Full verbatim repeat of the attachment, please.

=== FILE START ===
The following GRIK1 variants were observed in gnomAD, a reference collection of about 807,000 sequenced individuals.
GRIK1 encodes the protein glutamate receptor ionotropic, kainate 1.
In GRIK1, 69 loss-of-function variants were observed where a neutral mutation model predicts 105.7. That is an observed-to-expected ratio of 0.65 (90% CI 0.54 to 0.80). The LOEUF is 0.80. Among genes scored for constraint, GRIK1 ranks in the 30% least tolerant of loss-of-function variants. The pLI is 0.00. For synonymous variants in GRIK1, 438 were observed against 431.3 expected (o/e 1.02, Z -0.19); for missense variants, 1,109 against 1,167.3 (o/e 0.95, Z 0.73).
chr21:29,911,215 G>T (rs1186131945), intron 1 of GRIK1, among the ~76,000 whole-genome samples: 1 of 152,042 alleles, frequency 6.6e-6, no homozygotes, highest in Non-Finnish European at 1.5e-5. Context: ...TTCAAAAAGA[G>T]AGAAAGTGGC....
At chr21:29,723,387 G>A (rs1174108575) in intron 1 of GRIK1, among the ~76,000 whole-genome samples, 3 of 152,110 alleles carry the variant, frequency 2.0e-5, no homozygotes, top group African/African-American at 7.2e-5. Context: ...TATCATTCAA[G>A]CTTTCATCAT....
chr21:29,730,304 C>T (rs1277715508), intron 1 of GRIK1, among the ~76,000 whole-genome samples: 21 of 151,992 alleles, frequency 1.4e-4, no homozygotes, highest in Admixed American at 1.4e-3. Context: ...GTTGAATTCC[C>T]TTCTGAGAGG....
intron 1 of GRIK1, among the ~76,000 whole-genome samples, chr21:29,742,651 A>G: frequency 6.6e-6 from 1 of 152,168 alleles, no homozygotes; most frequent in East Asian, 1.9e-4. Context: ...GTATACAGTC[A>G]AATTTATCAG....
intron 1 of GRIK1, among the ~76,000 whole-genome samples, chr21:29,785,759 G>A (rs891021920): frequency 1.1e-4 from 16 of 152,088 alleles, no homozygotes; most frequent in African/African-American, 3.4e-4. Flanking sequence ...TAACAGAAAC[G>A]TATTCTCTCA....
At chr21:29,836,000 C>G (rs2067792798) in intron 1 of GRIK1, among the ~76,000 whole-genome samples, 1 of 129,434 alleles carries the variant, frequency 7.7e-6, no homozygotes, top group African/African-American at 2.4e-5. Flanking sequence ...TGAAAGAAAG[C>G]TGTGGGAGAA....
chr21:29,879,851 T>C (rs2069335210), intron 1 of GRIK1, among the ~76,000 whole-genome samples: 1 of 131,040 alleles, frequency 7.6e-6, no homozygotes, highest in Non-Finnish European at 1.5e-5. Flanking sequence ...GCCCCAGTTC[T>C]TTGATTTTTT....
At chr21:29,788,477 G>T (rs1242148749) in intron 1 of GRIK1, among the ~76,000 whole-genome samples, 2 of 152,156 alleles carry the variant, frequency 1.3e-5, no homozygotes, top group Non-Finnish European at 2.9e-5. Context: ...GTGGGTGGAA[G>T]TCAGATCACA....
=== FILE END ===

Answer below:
The following GRIK1 variants were observed in gnomAD, a reference collection of about 807,000 sequenced individuals.
GRIK1 encodes the protein glutamate receptor ionotropic, kainate 1.
In GRIK1, 69 loss-of-function variants were observed where a neutral mutation model predicts 105.7. That is an observed-to-expected ratio of 0.65 (90% CI 0.54 to 0.80). The LOEUF is 0.80. Among genes scored for constraint, GRIK1 ranks in the 30% least tolerant of loss-of-function variants. The pLI is 0.00. For synonymous variants in GRIK1, 438 were observed against 431.3 expected (o/e 1.02, Z -0.19); for missense variants, 1,109 against 1,167.3 (o/e 0.95, Z 0.73).
chr21:29,911,215 G>T (rs1186131945), intron 1 of GRIK1, among the ~76,000 whole-genome samples: 1 of 152,042 alleles, frequency 6.6e-6, no homozygotes, highest in Non-Finnish European at 1.5e-5. Context: ...TTCAAAAAGA[G>T]AGAAAGTGGC....
At chr21:29,723,387 G>A (rs1174108575) in intron 1 of GRIK1, among the ~76,000 whole-genome samples, 3 of 152,110 alleles carry the variant, frequency 2.0e-5, no homozygotes, top group African/African-American at 7.2e-5. Context: ...TATCATTCAA[G>A]CTTTCATCAT....
chr21:29,730,304 C>T (rs1277715508), intron 1 of GRIK1, among the ~76,000 whole-genome samples: 21 of 151,992 alleles, frequency 1.4e-4, no homozygotes, highest in Admixed American at 1.4e-3. Context: ...GTTGAATTCC[C>T]TTCTGAGAGG....
intron 1 of GRIK1, among the ~76,000 whole-genome samples, chr21:29,742,651 A>G: frequency 6.6e-6 from 1 of 152,168 alleles, no homozygotes; most frequent in East Asian, 1.9e-4. Context: ...GTATACAGTC[A>G]AATTTATCAG....
intron 1 of GRIK1, among the ~76,000 whole-genome samples, chr21:29,785,759 G>A (rs891021920): frequency 1.1e-4 from 16 of 152,088 alleles, no homozygotes; most frequent in African/African-American, 3.4e-4. Flanking sequence ...TAACAGAAAC[G>A]TATTCTCTCA....
At chr21:29,836,000 C>G (rs2067792798) in intron 1 of GRIK1, among the ~76,000 whole-genome samples, 1 of 129,434 alleles carries the variant, frequency 7.7e-6, no homozygotes, top group African/African-American at 2.4e-5. Flanking sequence ...TGAAAGAAAG[C>G]TGTGGGAGAA....
chr21:29,879,851 T>C (rs2069335210), intron 1 of GRIK1, among the ~76,000 whole-genome samples: 1 of 131,040 alleles, frequency 7.6e-6, no homozygotes, highest in Non-Finnish European at 1.5e-5. Flanking sequence ...GCCCCAGTTC[T>C]TTGATTTTTT....
At chr21:29,788,477 G>T (rs1242148749) in intron 1 of GRIK1, among the ~76,000 whole-genome samples, 2 of 152,156 alleles carry the variant, frequency 1.3e-5, no homozygotes, top group Non-Finnish European at 2.9e-5. Context: ...GTGGGTGGAA[G>T]TCAGATCACA....